Furthermore, according to the ISC2 report, 51 percent of women have experienced discrimination within the field, with only 15 percent of men reporting the same. According to these reports, this also happens even more frequently as women excel in their careers. In addition, while unemployment rates in tech are lower than many other fields, according to Dice, for women it’s the opposite. And with other issues such as pay inequity and gender discrimination, women face a very steep uphill battle if they truly want a future in this field.
THE MODERN STATE OF SECURITY
In modern day Silicon Valley, a few women have been willing to speak out against these injustices. Women like Ellen Pao, famous for her gender discrimination lawsuit, and Susan Fowler, for her blog on the toxic working culture for women in tech. However, despite this, little has changed.
Back to security, with the big push for women to learn how to code at female-focused coding camps like Hackbright and Girls Who Code, the number of female software developers is on the rise. In fact, according to the US Bureau of Labor Statistics, 20 percent of software/web developers are female. However, this same push is not reflected in security, clarified by the aforementioned statistic with only 11 percent of InfoSec professionals being women. This also rings true at events and meetups focused on women in tech. Other women have looked at me strangely and become a bit cliquey in these situations, once I’ve shared that I work in security and not software development. Because of this, women in security can still feel left out, even in a room full of female tech professionals.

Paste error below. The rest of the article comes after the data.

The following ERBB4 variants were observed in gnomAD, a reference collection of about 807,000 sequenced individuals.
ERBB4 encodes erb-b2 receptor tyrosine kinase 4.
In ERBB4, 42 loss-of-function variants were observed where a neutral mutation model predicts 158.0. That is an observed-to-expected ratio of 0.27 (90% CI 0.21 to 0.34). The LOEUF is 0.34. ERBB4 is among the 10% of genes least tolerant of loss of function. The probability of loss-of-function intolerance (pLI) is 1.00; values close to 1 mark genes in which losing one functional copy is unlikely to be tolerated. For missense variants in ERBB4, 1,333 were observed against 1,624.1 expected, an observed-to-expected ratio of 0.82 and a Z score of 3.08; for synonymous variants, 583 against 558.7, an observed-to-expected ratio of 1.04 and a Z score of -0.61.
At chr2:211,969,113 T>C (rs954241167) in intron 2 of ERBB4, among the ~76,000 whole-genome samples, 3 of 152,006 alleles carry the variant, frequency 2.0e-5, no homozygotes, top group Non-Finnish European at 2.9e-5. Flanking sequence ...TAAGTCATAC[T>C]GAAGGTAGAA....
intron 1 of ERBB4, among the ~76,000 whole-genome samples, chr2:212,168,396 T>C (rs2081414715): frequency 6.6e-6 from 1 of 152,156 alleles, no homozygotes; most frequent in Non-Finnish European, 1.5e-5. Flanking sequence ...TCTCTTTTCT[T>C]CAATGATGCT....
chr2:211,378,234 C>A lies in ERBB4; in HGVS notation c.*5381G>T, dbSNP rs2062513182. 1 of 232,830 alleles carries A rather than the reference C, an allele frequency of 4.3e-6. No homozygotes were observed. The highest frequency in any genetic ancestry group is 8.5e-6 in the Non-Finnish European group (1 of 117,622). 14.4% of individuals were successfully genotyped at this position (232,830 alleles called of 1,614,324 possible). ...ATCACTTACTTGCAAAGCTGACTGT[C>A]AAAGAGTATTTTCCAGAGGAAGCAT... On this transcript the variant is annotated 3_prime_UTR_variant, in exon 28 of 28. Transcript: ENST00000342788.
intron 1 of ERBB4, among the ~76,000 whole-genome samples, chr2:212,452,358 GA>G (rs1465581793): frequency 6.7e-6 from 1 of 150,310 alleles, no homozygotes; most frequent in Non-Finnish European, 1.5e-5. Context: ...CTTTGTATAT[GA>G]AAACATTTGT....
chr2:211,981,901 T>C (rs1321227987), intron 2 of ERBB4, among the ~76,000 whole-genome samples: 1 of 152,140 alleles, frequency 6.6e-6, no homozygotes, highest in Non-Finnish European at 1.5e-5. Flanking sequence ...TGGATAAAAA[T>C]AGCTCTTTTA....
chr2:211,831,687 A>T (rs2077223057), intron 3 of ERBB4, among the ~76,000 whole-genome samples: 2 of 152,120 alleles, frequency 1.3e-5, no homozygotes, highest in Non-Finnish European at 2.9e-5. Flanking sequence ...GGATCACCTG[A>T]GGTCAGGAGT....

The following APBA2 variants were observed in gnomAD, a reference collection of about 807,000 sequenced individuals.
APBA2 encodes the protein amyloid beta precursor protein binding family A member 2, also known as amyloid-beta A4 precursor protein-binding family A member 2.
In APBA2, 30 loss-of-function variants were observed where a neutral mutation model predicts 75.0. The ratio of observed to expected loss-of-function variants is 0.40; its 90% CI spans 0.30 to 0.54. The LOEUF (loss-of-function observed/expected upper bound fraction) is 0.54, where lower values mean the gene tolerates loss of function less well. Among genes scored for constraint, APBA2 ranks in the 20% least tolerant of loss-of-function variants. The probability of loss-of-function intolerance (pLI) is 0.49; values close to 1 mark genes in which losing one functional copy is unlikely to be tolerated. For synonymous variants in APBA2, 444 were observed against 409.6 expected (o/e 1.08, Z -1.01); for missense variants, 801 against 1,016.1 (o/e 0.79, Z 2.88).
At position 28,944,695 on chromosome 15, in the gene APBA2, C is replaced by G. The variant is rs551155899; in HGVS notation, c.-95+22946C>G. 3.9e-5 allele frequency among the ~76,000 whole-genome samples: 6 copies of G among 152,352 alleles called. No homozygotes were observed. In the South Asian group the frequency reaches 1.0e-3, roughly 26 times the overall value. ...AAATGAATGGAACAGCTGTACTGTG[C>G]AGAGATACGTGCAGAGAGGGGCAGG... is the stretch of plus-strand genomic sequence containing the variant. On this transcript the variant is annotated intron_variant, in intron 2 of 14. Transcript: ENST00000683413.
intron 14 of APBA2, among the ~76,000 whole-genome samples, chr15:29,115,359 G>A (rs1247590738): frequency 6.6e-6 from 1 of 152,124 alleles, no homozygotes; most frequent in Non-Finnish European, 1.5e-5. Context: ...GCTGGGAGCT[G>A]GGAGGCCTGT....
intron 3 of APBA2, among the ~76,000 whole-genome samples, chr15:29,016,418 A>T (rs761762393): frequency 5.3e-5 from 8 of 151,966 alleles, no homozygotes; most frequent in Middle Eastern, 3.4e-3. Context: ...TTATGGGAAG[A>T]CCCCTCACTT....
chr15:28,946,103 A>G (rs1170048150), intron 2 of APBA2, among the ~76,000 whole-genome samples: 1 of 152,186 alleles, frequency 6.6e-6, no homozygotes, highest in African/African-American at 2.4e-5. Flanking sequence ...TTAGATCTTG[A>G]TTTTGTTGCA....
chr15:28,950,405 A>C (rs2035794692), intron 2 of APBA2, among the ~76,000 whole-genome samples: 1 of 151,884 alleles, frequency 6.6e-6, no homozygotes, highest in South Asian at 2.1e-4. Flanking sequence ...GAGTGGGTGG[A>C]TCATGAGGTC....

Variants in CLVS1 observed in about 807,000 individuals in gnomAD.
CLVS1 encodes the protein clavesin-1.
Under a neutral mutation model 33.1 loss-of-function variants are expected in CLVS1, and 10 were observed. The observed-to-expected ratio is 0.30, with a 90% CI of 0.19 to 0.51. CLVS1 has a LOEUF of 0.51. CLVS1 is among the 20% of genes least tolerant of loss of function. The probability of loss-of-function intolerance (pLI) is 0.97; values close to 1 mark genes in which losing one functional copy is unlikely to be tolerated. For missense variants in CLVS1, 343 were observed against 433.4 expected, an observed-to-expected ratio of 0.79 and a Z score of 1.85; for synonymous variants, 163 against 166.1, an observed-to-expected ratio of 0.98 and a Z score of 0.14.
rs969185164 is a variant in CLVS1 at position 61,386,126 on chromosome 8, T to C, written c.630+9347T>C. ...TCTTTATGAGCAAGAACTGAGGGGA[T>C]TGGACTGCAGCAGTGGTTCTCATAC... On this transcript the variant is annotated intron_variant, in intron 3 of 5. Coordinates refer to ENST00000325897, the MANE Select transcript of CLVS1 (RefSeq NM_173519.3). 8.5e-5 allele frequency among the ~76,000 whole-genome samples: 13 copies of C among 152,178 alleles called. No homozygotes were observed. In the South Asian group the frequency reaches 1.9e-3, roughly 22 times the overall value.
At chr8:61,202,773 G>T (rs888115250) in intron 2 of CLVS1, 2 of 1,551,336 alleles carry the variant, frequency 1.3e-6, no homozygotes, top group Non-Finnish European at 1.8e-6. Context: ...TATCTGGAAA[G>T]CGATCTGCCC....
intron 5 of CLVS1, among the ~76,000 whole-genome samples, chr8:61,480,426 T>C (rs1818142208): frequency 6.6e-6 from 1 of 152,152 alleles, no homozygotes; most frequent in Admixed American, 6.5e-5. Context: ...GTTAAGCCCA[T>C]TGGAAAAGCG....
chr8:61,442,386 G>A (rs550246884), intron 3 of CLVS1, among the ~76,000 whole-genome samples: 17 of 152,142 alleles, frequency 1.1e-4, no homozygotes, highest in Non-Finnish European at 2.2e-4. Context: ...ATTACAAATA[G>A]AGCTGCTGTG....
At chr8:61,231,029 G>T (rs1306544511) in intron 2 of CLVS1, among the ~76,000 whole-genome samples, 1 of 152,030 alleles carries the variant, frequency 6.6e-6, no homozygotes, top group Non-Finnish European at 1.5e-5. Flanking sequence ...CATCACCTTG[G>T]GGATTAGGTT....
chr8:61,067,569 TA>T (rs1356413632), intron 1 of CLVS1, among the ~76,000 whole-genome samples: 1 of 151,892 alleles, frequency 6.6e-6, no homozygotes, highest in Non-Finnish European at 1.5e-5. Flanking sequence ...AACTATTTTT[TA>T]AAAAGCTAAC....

This is very problematic because of an increasing demand for workers with cybersecurity skills. A major lack of women in the field, therefore results in less people to fill these much-needed positions. On top of that, women should be encouraging other women in tech, regardless of their specific discipline.
According to a study from the “Center for Cyber Safety and Education”, there is a projected gap of 1.8 million unfilled cybersecurity jobs by 2022. A push for women to enter the security workforce would not only aid in closing this, but businesses with a more even distribution of men and women have seen up to a 41 percent increase in revenue. And companies with at least three female directors have seen over a 66 percent increase in invested capital. Workplaces with more gender diversity also see higher customer satisfaction, productivity, and profitability.
HOW TO MOVE FORWARD